2
$\begingroup$

I know that really fast moving things need Relativity rather than Newtonian physics.

I also know the quirk of the Mercury´s orbit.

But just how much more accurate is General Relativity than Newton´s Law of Gravitation for predicting say the orbit of Earth or Neptune?

Can the "slingshot" effect where we use another planet´s gravity to accelerate a space probe be done with Newton or does that require General Relativity?

Is the speed of Jupiter (18 km/s I think) fast enough to make a difference in the accuracy of GR v Newton´s Law of Gravity?

$\endgroup$
  • 1
    $\begingroup$ Possible duplicate: physics.stackexchange.com/q/52165 $\endgroup$ – JSQuareD Oct 17 '13 at 17:42
  • $\begingroup$ I read that. It doesnt clearly answer my specific questions. $\endgroup$ – MikeHelland Oct 17 '13 at 18:04
  • $\begingroup$ Yes you can derive the slingshot effect from Newtonian gravity, I'll post the derivation in an answer soon $\endgroup$ – Run like hell Nov 7 '18 at 10:47
3
$\begingroup$

There are several different questions embedded in here. The answer to all of them is "Newton's theory is accurate to great precision, and beyond measurement accuracy for most of your examples".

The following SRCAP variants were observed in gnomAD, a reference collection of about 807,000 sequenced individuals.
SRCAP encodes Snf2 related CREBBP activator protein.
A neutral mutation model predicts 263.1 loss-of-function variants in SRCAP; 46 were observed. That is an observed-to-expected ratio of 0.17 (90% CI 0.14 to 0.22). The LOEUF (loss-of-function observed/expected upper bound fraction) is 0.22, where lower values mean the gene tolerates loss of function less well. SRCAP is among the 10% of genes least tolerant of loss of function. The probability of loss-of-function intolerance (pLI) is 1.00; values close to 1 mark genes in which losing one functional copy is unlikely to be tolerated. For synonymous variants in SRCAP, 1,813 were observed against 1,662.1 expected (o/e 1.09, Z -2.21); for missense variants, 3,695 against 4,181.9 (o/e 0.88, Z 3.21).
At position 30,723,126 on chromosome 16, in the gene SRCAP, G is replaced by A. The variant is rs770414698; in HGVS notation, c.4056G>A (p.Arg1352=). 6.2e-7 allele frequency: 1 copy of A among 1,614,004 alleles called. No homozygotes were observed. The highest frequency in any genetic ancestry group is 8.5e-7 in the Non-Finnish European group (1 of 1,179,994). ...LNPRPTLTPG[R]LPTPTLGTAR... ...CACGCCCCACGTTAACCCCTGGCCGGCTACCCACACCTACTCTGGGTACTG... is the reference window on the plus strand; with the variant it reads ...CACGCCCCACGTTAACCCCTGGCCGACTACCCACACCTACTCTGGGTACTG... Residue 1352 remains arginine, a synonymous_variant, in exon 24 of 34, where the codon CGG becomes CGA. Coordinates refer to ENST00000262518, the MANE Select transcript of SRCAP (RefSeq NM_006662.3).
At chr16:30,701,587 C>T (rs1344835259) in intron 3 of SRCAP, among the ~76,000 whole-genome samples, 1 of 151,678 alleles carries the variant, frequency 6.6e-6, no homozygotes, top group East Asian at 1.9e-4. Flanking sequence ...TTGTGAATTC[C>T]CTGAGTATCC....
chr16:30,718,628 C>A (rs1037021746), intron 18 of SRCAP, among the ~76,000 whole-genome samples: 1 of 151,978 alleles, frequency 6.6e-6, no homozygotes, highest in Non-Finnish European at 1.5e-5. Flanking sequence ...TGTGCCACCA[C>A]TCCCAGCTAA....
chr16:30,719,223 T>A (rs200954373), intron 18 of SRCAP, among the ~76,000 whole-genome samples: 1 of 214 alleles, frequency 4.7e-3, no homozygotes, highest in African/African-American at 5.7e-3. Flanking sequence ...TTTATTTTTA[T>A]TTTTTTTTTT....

The key point is that Newtonian physics fails when, roughly, the quantity $v/c > .1$ or $\frac{GM}{c^{2}r} > .1$. You can calculate both of these quantities for the cases of Earth and Jupiter, and you will find that your answer is quite small.

$\endgroup$
2
$\begingroup$

The anomalous perihelion shift of Earth is 3.84 arc-seconds per century, or about one tenth the size of Mercury's shift. The anomalous perihelion shift of Jupiter is 0.0622 arc-seconds per century, or about one thousandth the size of Mercury's shift.

I can't find calculations for the effect of GR on slingshots, but I believe it to be negligable. The only significant deviation that has been found is the flyby anomaly, and GR does not explain this.

$\endgroup$
0
$\begingroup$

Newtonian gravity is very accurate at all scales and all distances except for velocities close to the speed of light.

$\endgroup$
  • 1
    $\begingroup$ ... except for cosmological distances, and where $|\Phi|/c^2 \gtrsim 1$ and near the Planck scale ... $\endgroup$ – Michael Brown Oct 18 '13 at 16:24

Your Answer

By clicking “Post Your Answer”, you agree to our terms of service, privacy policy and cookie policy

Not the answer you're looking for? Browse other questions tagged or ask your own question.